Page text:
Vontaze Burfict was at the center of multiple headlines on Wednesday, and the media's creation of and reaction to these headlines exemplifies a major problem for the Bengals. When it comes to Cincinnati, the media consistently pushes false or exaggerated narratives against the Cincinnati Bengals.
On Tuesday afternoon, ESPN released Josina Anderson's full one-on-one interview with Vontaze Burfict, which specifically addressed Cincinnati's Wild Card playoff loss, Burfict's shattered reputation and his ensuing three-game suspension. Regarding his hit on Brown, Burfict claimed that had Antonio Brown not ducked his head after missing the incomplete pass, the linebacker "wouldn't have ever hit him."
Granted, it didn't look like Antonio Brown was trying to duck into Burfict's hit; it's just the way the play happened. As Burfict later mentioned, it was a "bang-bang play." That Brown ducked and Burfict made contact with Brown's helmet, at least to me, seemed completely incidental. Paul Guenther has also backed him up in the last week, essentially saying the same. Though media outlets constantly show the play in slow-motion, which makes Burfict's hit look more and more intentional, it's crucial to remember that the hit happened in about a second's time, not in 10 seconds.
Burfict admitted he felt bad about the play because it hurt his teammates and coaches. However, he also made it known that he doesn't blame the loss for himself.
When watching the interview, it's clear Burfict is candid and honest in all of his answers, as Anderson even points out on her Facebook page. Despite this, people like John Breech of CBS Sports have taken parts of the interview to portray Burfict as the scapegoat of Cincinnati's Wild Card loss. Here's a quick excerpt of Breech's article published Tuesday night, which further emphasizes my point:
Although a lot of people blamed Burfict for the Bengals' loss, Burfict apparently doesn't feel the same way. During an interview with ESPN's Josina Anderson, the Bengals linebacker said that the loss wasn't his fault.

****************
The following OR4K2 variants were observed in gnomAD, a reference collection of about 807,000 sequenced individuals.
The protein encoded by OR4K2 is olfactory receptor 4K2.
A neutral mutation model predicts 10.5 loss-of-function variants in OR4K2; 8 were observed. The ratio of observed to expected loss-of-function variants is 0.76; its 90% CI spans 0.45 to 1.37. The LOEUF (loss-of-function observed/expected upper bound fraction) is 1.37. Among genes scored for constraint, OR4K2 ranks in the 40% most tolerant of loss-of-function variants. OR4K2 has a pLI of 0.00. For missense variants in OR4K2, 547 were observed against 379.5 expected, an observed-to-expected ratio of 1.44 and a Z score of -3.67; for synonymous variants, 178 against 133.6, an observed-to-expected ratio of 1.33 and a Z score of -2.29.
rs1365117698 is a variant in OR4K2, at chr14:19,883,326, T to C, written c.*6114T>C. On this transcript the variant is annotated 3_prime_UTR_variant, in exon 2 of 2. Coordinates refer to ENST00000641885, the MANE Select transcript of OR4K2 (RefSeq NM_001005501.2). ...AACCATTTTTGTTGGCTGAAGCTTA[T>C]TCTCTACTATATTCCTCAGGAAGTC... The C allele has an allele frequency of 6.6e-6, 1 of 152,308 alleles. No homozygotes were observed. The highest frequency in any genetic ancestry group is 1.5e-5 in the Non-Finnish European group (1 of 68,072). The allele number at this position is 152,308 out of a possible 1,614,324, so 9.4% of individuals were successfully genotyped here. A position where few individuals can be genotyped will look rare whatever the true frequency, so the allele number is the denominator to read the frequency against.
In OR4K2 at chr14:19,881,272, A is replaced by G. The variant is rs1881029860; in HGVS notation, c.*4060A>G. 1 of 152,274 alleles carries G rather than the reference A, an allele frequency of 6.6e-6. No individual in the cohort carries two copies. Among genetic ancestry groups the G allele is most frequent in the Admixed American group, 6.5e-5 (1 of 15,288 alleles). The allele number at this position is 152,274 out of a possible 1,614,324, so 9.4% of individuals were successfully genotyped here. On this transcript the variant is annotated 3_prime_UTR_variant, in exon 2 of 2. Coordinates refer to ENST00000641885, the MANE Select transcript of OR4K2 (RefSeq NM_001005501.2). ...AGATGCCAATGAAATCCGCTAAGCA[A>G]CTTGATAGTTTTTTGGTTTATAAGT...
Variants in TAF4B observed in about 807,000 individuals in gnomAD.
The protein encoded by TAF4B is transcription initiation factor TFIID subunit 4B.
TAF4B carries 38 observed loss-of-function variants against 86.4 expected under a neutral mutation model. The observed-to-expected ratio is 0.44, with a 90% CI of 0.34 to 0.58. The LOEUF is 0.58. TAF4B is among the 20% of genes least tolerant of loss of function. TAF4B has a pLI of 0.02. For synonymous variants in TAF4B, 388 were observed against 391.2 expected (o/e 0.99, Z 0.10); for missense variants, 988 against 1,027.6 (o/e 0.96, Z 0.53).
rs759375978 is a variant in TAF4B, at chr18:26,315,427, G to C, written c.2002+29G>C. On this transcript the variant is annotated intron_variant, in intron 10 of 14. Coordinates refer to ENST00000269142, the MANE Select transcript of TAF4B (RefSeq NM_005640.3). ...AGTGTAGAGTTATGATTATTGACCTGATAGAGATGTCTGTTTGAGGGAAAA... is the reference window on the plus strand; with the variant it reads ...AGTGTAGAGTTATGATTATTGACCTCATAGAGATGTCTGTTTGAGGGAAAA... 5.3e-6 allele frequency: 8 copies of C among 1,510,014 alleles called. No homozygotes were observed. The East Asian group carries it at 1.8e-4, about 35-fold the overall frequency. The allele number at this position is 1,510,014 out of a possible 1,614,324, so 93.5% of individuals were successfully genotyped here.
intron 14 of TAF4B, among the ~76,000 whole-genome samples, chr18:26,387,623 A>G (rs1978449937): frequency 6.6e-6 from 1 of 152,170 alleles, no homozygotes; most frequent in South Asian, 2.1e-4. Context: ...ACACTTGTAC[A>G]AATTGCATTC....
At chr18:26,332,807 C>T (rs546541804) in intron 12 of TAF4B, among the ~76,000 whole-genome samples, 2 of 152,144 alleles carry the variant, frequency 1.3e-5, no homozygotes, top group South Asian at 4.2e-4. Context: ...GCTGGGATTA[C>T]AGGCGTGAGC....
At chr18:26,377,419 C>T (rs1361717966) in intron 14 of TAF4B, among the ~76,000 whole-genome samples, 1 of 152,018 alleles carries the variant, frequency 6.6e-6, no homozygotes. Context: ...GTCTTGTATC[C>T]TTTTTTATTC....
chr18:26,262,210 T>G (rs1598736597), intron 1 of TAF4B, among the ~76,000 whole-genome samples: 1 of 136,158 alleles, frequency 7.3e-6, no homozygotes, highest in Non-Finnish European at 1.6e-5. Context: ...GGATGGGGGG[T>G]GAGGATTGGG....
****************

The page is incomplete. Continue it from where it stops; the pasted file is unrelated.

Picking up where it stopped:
Burfict was asked directly if he blamed himself for the loss against the Steelers.
"No, I don't," Burfict said.
According to Burfict, most of the blame for the loss should fall on a teammate, who he didn't name.
Then there's also articles like the one in the New York Post, titled, "Bengals’ villain scapegoats pal in quest to save crushed reputation."
Burfict doesn't even address who to blame in Cincinnati's loss until a couple of minutes later in the interview, and when he addresses the issue, he simply states that he "trusted his teammate to execute and finish the game." He made no mention of Jeremy Hill specifically, yet ESPN cut to a video of Jeremy Hill fumbling the ball while Burfict was speaking. It's also important to note that this whole quote doesn't stem from Anderson asking Burfict who should be blamed for the loss; it rooted in Anderson asking Burfict whether he regretted celebrating his interception of Landry Jones, which, at the time, looked like it sealed a Bengals victory.
But because ESPN cut to a video of Hill during Burfict's response, people across the country will believe Burfict is directly blaming his teammate, when in all actuality, he's simply saying he trusted his teammates. If it were another offensive teammate making a mistake to lose the game, the linebacker would've made the same response, and rightfully so. Burfict kept his team alive in the playoff game, and would have been the MVP of the game, had the final minute and 30 seconds of the matchup unfolded without issue. Yet, as he said, it unfolded like a "nightmare" and he's being made out as a guy who was the sole reason for Cincinnati's loss.
Anderson's interview with Burfict was a great piece of journalism, and I highly recommend you watch it for yourself. Burfict is very blunt and honest in the interview, and he speaks as to how Cincinnati's coaching staff has helped him, how Roger Goodell offered some good advice and how he feels cheated by the league.
He also gives his take on Goodall's proposed rule to eject players after multiple personal foul penalties in the same game (which he approves of), vows to lower his penalty numbers in 2016 and rejects the notion that he's a troubled guy. But I also encourage you to examine the interview and determine whether it was fair. The dialogue between Anderson and Burfict was excellent, but the majority of the video and sound bytes utilized throughout the video portray Burfict as a dirty player and bad person. Even in the aftermath immediately following the interview, an ESPN analyst references Mike Zimmer's praise for Burfict's intelligence right before calling Burfict an out-of-control player. The analyst, however, does not distinguish between Zimmer's praise and his own opinion of Burfict, which again, goes to show how biased ESPN and the national media can be when it comes to Burfict.
If you need any more evidence, take a look at the headline of this piece written by Matt Loede of SteelersGab: "Bengals LB Burfict Sends a Rather Bizarre Text to Steelers RB Bell." Why Burfict's respect for his opponent is "bizarre" is beyond my understanding. To my knowledge, Burfict has never spoken ill of any NFL opponent, yet Vince Williams threatened to kill him on sight and Antonio Brown called him an idiot. But to Steeler fans, Burfict is still a thug, simply because some in the media portray him as such.